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The new combined studio debuted in 2008, with “Nightly” relegated to a rather small windowed studio (still dubbed Studio 3C) on one end of the space.

That set utilized two primary backgrounds behind Williams: a window view of the newsroom and a large rear projection screen. A third, though little used background, included backlit graphical panels with a collage of past NBC logos.

Overall, this set was a bit cramped but still served “Nightly” well. At times Williams would even ventured out into the newsroom area for segments.

With the new set came a modified logo — instead of being stacked, the logo now become very wide with the peacock and show name on the same line. Stylistically, the show kept the same typography and boxy-look. The anchor name moved down to the lower right of the logo in a sort of “tag.”

Sharing with ‘Rock Center’

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Then, in October 2011, “NBC Nightly news” relocated down the hall to Studio 3B with a sprawling new set shared with the now-defunct “Rock Center.”

The set retained much of the previous studio’s look and feel — including the rich wood tones and sleek metallic surfaces. In fact, in many ways, NBC basically mirrored the set in Studio 3C (albeit with a flipped layout).

Instead of the window looking into the newsroom, which would be a physical impossibility now, a video wall showed a video loop of a similar view that could be seen on the old set.

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The rear projection screen on the 3B version of the set was taller (whereas the 3C version was wide but not very tall due to a lower ceiling height).

But, all in all, NBC seemed content with the look of the “Nightly News” set and wanted to, for the most part, keep that around despite switching studios.

Meanwhile, NBC gutted Studio 3C, covered up the window overlooking the newsroom in favor of a flat screen array and converted the studio to the main news set for WNBC-TV.

During the period “Rock Center” was on the and air and after parts of the “Rock Center” side of the studio would show up from time to time on “Nightly” — namely behind correspondents brought into the studio for debriefs or during special segments.

The “Rock Center” side of the studio, meanwhile, saw changes as the show struggled to find an audience, most noticeably the sofa area being eliminated in favor of a plain riser.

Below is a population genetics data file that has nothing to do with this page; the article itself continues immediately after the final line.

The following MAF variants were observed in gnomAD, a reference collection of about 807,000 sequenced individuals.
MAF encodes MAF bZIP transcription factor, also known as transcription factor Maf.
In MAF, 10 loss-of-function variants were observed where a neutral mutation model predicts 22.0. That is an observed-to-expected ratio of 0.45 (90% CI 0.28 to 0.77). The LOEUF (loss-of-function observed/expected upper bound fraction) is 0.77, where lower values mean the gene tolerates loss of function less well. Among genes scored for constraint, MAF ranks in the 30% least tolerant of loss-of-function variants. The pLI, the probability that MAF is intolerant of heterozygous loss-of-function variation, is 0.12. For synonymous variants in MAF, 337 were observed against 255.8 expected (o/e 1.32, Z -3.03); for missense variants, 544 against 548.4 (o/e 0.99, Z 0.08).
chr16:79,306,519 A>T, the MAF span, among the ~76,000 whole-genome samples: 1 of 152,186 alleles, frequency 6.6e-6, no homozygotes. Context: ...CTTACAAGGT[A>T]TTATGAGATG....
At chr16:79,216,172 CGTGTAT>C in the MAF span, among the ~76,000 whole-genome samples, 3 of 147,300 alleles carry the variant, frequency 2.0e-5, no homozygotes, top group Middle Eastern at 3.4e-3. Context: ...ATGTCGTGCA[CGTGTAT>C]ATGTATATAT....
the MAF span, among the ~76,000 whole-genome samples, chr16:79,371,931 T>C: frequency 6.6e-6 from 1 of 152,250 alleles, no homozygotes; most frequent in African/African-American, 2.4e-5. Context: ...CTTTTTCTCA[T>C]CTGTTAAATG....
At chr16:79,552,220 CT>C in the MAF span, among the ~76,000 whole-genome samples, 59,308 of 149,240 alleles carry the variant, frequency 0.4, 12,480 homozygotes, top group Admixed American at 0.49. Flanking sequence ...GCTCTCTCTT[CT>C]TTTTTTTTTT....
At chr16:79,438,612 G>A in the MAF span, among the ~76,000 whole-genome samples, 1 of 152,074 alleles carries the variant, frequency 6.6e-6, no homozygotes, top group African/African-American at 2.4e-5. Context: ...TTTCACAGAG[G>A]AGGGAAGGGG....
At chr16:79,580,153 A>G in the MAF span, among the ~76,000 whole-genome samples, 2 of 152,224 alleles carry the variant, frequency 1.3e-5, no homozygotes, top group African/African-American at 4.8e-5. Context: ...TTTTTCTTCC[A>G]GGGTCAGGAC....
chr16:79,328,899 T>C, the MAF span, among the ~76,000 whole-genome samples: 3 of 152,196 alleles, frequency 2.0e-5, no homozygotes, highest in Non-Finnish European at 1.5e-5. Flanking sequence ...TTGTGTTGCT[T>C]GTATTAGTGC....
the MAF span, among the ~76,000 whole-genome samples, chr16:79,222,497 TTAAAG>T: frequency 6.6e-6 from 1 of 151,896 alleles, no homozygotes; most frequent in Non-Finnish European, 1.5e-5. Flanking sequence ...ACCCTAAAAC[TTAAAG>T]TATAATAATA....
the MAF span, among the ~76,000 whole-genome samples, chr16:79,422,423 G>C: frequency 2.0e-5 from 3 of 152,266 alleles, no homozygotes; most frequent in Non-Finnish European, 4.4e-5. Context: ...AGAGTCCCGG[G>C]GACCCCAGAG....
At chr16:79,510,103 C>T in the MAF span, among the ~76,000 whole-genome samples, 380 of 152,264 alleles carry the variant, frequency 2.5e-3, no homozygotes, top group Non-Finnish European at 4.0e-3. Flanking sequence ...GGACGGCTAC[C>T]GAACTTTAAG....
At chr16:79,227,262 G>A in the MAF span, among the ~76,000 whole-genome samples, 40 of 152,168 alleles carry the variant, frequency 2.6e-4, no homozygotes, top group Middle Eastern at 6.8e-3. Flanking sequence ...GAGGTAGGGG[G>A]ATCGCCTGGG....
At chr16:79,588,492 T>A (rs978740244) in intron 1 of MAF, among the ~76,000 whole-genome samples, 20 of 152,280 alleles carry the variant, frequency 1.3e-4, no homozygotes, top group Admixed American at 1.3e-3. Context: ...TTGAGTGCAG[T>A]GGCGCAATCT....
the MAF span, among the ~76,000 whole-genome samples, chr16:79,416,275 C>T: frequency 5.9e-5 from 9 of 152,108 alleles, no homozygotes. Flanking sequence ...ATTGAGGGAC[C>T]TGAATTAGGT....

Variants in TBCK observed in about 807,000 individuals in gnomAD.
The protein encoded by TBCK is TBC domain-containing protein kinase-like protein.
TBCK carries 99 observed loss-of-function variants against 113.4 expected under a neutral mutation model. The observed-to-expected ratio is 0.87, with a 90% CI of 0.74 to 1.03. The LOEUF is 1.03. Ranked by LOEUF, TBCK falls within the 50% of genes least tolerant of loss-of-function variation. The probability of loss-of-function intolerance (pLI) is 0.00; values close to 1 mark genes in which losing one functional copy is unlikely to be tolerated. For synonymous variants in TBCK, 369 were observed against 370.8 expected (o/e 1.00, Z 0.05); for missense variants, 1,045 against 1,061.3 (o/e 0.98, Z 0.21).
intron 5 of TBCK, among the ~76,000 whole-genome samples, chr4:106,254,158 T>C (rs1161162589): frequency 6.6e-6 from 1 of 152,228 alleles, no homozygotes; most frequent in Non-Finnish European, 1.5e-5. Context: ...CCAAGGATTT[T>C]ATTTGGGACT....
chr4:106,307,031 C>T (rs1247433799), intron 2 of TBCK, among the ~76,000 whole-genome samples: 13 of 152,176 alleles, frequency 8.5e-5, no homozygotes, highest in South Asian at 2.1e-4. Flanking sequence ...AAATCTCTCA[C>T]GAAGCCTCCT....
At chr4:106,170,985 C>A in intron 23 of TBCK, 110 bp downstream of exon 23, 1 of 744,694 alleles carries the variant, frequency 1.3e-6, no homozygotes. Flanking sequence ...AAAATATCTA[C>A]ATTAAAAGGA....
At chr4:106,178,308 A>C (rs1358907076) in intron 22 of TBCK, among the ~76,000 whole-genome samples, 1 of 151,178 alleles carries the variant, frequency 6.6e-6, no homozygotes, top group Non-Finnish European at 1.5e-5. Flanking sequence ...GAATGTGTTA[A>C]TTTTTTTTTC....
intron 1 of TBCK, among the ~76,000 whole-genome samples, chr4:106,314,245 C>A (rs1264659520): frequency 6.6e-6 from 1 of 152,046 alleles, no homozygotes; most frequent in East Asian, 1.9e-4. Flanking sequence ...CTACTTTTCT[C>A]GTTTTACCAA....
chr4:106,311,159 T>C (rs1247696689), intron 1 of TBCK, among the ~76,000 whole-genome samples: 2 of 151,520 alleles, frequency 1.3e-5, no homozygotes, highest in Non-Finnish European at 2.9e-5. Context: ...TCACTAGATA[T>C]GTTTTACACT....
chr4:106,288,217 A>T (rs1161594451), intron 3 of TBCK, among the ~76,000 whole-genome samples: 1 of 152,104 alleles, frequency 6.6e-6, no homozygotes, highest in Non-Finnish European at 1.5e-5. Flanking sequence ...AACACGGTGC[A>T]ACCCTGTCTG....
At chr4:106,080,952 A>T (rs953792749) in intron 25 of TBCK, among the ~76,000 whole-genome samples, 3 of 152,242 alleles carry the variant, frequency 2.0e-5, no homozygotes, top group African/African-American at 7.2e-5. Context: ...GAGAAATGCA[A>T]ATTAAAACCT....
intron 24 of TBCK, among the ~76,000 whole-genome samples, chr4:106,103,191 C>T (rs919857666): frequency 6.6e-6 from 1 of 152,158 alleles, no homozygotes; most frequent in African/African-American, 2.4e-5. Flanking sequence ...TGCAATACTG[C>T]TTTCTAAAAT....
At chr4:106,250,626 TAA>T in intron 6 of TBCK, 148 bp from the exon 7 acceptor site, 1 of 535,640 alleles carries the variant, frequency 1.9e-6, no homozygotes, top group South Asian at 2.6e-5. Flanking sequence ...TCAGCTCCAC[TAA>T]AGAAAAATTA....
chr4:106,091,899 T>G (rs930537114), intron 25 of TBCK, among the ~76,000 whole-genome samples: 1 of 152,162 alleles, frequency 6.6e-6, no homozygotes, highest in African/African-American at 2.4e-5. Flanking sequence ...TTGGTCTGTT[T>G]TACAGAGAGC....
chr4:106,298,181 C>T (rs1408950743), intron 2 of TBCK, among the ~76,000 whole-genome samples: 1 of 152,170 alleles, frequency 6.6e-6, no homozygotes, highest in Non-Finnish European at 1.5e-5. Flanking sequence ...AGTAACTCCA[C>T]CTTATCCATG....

Flipping sides

Then in September 2014, “NBC Nightly” news flipped sides of Studio 3C and began originating from a corner of the set originally designed for “Rock Center.”

This new location allowed “Nightly” to make use of two wide rear projection walls as its primary backgrounds. These walls, which continue to be used today, are used for topical graphics as well as a video loop of the NBC Los Angeles newsroom and branded world map graphics.

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With the switch, NBC eliminated the carefully installed glass that had been placed in front of the rear projection screens for “Rock Center” that added subtle reflections to reinforce the idea that the studio had “windows.”

Upon switching to this part of the studio, the lanterns above this area were removed, as was the glass installed in front of the rear projection walls. Meanwhile, the faux staircase was removed and replaced with a flat panel video wall that mimicked the look of the “window” on both the 3B and 3C versions of the set.

Later in 2014, the Studio 3B would see an eye-catching new anchor desk used temporarily for election coverage.

When Williams was suspended and later removed as anchor of “NBC Nightly News” for inaccuracies discovered in his reporting and comments made in public interviews, the network installed weekend anchor Lester Holt at the anchor desk — which has since maintained the same look and feel as when Williams was anchor.

Through the move to 3B and Holt’s appointment as anchor, the show retained the same logo — though obviously changing out names.

Producers have continue to experiment with wider camera shots and dynamic push-ins as well as different graphics on the rear projection screens, but the overall look has remained the same.